Advocates Oppose NIH Bio-Ethicist's Stand On Genetic Testing
By Dave Reynolds, Inclusion Daily Express
November 25, 2002
GOLETA, CALIFORNIA--Last week, National Institutes of Health biomedical ethicist Dan W. Brock told an audience at the University of Rhode Island that the United States would benefit if children with disabilities were prevented from being born.
Brock, who said that his views do not represent the federal government or the National Institutes of Health, was defending the use of genetic testing to screen out certain disabilities because, he said, "it would be better if the children who are born don't have that condition."
Brock said that his ideas regarding genetic testing have nothing to do with how people with disabilities should be treated. "Even after we've made all the accommodations of justice and equality of opportunity, there would still be some residual disadvantage from being seriously cognitively disabled or being blind," he said.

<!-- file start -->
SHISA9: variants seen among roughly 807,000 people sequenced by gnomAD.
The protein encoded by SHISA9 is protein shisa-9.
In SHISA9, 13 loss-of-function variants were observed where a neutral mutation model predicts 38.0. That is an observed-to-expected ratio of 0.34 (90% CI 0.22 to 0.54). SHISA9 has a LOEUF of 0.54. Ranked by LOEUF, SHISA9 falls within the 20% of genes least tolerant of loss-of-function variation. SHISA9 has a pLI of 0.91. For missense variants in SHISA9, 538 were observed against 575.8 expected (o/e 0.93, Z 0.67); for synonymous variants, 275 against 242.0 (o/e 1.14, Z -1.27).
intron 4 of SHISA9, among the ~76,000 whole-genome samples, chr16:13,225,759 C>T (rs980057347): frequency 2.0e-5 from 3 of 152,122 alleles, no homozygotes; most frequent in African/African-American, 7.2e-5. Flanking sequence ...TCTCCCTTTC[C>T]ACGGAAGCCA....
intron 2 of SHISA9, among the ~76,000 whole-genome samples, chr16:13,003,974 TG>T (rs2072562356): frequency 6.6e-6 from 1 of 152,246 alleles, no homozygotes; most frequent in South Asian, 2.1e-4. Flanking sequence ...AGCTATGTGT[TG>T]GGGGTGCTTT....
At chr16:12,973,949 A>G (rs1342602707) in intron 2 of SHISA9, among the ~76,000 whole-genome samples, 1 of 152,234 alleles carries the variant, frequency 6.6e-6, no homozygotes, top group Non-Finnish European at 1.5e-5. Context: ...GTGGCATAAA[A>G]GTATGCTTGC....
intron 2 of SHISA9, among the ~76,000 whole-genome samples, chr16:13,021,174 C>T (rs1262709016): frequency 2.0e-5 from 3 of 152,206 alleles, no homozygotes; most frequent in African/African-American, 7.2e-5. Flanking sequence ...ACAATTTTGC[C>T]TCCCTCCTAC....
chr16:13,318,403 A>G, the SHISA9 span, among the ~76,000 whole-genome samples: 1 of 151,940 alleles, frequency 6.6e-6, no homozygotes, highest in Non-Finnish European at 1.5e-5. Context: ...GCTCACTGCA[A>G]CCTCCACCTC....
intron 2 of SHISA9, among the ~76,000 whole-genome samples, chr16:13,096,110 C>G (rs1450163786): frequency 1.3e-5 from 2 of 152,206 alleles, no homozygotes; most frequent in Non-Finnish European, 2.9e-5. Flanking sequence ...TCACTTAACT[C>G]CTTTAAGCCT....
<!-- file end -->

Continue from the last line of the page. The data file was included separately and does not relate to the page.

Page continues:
Penny Reeder, who is blind, disagrees.
"How dare he say that he's not denigrating people with disabilities when he's advocating aborting a pregnancy of a potential person with a disability," Reeder told the Cybercast News Service.
"It's just amazing to me," said Reeder, who pointed to her job as a magazine editor as evidence that blind people can be successful.
Terry Boisot read Brock's comments.
"Blindness and severe cognitive dysfunction are two disabilities Brock would prevent," Boisot wrote in response.
Boisot's son, Ben, was born deaf and blind. He also has cognitive and physical disabilities.
"Lives are enriched because of Ben," she wrote.
In an extremely candid column, Boisot told the story behind her son's birth -- a story she has shared with very people up to this point.